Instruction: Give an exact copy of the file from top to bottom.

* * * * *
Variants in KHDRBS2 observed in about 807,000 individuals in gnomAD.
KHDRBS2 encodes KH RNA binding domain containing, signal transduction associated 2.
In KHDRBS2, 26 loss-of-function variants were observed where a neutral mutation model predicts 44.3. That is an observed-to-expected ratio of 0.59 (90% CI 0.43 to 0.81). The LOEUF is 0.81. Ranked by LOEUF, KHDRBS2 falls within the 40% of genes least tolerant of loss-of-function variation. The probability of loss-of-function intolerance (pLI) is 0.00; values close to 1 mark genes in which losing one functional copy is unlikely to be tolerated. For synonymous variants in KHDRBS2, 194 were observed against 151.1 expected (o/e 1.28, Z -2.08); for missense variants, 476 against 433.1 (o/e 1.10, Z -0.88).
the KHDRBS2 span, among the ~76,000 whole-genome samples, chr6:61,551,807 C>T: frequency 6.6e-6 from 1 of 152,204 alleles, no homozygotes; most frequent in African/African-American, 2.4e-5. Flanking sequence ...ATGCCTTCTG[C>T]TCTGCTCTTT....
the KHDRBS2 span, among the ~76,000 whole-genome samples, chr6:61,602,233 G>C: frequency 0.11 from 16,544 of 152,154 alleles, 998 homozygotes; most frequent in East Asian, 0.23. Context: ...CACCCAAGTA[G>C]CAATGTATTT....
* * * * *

Variants in KHDRBS2 observed in about 807,000 individuals in gnomAD.
KHDRBS2 encodes KH RNA binding domain containing, signal transduction associated 2.
In KHDRBS2, 26 loss-of-function variants were observed where a neutral mutation model predicts 44.3. That is an observed-to-expected ratio of 0.59 (90% CI 0.43 to 0.81). The LOEUF is 0.81. Ranked by LOEUF, KHDRBS2 falls within the 40% of genes least tolerant of loss-of-function variation. The probability of loss-of-function intolerance (pLI) is 0.00; values close to 1 mark genes in which losing one functional copy is unlikely to be tolerated. For synonymous variants in KHDRBS2, 194 were observed against 151.1 expected (o/e 1.28, Z -2.08); for missense variants, 476 against 433.1 (o/e 1.10, Z -0.88).
the KHDRBS2 span, among the ~76,000 whole-genome samples, chr6:61,551,807 C>T: frequency 6.6e-6 from 1 of 152,204 alleles, no homozygotes; most frequent in African/African-American, 2.4e-5. Flanking sequence ...ATGCCTTCTG[C>T]TCTGCTCTTT....
the KHDRBS2 span, among the ~76,000 whole-genome samples, chr6:61,602,233 G>C: frequency 0.11 from 16,544 of 152,154 alleles, 998 homozygotes; most frequent in East Asian, 0.23. Context: ...CACCCAAGTA[G>C]CAATGTATTT....